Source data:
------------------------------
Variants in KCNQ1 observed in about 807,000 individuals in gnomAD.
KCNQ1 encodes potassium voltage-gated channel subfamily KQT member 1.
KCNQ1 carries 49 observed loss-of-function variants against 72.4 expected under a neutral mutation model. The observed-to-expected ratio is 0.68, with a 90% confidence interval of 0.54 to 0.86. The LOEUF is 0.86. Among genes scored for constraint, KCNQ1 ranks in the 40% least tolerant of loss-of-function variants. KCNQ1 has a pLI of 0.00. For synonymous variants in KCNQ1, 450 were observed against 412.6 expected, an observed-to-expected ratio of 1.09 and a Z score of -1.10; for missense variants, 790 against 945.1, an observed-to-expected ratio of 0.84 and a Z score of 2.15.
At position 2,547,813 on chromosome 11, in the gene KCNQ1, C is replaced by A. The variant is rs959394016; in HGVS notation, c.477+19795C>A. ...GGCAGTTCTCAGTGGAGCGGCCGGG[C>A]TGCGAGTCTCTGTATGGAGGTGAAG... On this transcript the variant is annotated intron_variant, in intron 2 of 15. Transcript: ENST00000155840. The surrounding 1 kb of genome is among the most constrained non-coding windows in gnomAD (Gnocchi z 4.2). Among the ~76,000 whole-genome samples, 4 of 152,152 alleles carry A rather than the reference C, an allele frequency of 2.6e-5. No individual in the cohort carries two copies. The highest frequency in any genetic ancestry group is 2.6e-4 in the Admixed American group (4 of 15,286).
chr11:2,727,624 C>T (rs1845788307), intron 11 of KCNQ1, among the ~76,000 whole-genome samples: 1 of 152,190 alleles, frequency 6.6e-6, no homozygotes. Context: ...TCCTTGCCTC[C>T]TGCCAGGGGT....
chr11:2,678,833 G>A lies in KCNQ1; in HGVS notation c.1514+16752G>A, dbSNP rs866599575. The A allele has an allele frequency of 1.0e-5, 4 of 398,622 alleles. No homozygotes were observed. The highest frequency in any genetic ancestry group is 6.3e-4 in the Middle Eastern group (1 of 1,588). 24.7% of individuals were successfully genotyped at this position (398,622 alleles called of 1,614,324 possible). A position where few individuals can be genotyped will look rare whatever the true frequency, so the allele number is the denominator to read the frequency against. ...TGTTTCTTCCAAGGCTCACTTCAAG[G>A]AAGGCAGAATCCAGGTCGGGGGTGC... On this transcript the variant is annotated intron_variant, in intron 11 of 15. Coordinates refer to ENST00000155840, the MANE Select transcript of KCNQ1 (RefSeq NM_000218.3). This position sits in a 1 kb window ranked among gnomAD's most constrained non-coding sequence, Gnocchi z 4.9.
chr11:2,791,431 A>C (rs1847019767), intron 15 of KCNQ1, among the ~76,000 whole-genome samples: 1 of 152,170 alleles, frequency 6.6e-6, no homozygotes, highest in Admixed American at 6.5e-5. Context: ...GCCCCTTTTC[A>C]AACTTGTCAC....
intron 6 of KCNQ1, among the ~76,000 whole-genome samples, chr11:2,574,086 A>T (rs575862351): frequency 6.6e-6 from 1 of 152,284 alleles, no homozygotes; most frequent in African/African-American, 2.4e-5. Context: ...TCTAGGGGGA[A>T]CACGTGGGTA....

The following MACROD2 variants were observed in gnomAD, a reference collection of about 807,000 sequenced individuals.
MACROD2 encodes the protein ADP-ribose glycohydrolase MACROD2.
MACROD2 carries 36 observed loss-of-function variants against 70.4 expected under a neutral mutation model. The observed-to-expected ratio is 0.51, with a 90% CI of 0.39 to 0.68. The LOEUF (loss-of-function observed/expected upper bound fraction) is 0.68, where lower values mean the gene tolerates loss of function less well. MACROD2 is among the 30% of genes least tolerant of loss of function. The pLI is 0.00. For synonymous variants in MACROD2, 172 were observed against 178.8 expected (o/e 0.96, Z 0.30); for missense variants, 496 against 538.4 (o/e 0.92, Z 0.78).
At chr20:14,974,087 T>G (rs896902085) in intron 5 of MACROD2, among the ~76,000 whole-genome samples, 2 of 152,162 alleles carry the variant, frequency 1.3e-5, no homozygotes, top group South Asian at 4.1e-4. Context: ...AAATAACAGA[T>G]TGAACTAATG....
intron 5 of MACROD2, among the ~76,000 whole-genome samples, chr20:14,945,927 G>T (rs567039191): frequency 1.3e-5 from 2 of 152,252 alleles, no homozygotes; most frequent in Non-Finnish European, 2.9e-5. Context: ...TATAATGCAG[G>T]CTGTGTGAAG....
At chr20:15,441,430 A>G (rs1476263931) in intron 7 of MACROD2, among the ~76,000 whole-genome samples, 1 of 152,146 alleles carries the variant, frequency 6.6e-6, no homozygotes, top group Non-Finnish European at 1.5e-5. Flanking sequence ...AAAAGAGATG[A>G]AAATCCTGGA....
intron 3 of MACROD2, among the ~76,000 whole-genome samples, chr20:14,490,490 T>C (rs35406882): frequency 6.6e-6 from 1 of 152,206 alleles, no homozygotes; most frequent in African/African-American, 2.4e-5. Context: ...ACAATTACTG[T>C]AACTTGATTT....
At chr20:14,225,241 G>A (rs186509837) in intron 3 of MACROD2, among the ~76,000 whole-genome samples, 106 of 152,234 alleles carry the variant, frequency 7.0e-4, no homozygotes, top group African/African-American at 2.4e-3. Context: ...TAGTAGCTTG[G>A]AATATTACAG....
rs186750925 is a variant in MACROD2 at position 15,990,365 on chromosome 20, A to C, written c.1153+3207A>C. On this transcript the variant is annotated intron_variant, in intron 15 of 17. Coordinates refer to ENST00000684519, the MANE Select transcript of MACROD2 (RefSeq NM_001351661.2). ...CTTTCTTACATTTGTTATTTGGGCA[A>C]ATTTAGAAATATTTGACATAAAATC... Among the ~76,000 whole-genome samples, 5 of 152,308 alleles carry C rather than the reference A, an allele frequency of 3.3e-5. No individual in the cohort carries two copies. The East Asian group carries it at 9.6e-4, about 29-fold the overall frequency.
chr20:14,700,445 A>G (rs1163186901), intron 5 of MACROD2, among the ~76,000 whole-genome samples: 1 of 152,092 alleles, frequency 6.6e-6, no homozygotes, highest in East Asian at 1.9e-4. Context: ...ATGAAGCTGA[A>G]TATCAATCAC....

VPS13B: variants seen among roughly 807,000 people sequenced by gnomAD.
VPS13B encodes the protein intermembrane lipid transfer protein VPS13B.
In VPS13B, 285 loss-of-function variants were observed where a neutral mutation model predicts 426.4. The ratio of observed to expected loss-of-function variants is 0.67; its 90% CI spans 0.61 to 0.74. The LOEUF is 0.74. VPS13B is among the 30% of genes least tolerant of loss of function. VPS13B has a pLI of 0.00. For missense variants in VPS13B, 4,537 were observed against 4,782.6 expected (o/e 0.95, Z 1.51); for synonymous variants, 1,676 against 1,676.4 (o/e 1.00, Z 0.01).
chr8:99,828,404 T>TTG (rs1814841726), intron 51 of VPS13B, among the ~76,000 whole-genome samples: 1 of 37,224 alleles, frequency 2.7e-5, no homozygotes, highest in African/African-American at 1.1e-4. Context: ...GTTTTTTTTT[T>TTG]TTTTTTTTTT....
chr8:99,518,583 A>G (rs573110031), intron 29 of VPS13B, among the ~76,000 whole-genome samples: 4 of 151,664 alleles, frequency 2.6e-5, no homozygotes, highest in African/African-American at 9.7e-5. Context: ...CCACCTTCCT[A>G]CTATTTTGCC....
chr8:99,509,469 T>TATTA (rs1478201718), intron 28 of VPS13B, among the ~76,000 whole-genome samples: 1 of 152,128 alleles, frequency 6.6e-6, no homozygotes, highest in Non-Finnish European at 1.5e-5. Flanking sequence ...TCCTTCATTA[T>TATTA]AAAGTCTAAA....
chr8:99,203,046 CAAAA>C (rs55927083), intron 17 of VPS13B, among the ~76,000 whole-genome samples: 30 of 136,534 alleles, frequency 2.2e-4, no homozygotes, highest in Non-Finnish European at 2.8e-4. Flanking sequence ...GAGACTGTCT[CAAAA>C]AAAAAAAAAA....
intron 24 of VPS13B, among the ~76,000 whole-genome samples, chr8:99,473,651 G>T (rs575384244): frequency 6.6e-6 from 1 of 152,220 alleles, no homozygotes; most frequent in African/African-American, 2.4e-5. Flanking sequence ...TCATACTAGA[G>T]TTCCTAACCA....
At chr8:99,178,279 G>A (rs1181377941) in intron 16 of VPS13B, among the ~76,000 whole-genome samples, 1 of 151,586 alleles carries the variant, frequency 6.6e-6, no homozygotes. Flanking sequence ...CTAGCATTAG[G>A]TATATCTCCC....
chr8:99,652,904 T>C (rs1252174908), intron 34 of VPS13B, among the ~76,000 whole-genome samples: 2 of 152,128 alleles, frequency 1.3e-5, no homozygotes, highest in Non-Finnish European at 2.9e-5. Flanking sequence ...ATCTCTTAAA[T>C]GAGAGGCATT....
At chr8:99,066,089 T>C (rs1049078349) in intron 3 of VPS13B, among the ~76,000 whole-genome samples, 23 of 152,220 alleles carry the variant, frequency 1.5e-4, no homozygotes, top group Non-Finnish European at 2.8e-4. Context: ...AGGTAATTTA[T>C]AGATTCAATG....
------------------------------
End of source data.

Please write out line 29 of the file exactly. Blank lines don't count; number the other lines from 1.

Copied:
At chr8:99,066,089 T>C (rs1049078349) in intron 3 of VPS13B, among the ~76,000 whole-genome samples, 23 of 152,220 alleles carry the variant, frequency 1.5e-4, no homozygotes, top group Non-Finnish European at 2.8e-4. Context: ...AGGTAATTTA[T>C]AGATTCAATG....